A Beginner’s Guide to Using the Mac Terminal

Tim Chawaga 18-02-2019

For most of your everyday Mac tasks, a soft and friendly GUI is both an asset and a comfort. Sometimes, though, Finder is a clunky middleman.


There are faster ways to find out where that pesky 5GB file is hiding, or the path of every file related to that app you thought you deleted. For these jobs and others, the command line is your new best friend.

What Is Terminal?

Terminal is a utility that allows you to interact with your Mac through the command line. Linux operating systems include similar tools, since both Linux and macOS are Unix-like OSes. The command line interface (CLI), or the language that you type into Terminal to interact with your Mac, is called bash. Everything we discuss below is a bash command.

Before you start using Terminal, you can customize it to your own personal preference. If you prefer, it’s even possible to download a third-party Terminal alternative Customize Your Mac Command Line With These Terminal Alternatives One of the best ways to make macOS your own is to customize the command line, either through alternative apps or just tricking out the Terminal app. Read More for a customized look and feel.

General Mac Command Line Tips

First, let’s look at some basic Terminal facts you should know.

General Syntax

A bash command typically follows this pattern:


[Command] [Options] [Input or Path to File or Directory]

For example, in:

ls -la /Applications

ls is the command, -la is a compound of two individual options (-l and -a), and /Applications is the path to list.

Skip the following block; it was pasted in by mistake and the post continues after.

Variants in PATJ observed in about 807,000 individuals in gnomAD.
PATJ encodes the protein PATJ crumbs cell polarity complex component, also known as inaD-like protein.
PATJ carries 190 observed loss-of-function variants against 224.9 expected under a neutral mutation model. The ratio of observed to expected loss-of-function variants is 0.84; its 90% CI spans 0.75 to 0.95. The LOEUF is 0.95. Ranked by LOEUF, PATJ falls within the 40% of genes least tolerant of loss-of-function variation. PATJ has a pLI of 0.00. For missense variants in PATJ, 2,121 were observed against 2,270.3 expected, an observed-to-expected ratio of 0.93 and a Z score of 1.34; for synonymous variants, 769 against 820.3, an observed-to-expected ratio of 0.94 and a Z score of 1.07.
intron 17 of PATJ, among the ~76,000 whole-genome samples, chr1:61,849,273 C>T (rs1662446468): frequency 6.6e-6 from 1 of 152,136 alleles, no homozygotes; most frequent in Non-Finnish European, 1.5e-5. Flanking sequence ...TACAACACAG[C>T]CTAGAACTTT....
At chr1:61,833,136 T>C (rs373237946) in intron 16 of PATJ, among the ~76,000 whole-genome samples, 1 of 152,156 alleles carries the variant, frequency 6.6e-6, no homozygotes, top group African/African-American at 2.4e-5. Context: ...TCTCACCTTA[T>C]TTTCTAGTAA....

The Path

Understanding paths will help you understand how macOS actually sees your files. Essentially, the path of a file is the Russian dolls’ nest of folders in which it’s contained, followed by the name of the file itself.

For example, on a Mac, the path of a file called My Secrets that lives on user John Doe’s Desktop is /Users/jdoe/Desktop/"My Secrets".

White Space

You must escape white space for the Terminal to process it properly. When bash sees a space, it interprets it as the end of a command. So if you have a folder with spaces in its name, like Path Test, and you try to list its contents with ls /Applications/Path Test, you’ll get this:

Invalid Path Causes Bash Command Failure


What’s going on here? Well, bash thinks that you called ls on /Applications/Path. When it couldn’t find that file, it stopped.

If you want bash to recognize the full name of your folder, you can either wrap the name in quotes or use a backslash, like so:

  • ls /Applications/"Path Test" or
  • ls /Applications/Path\ Test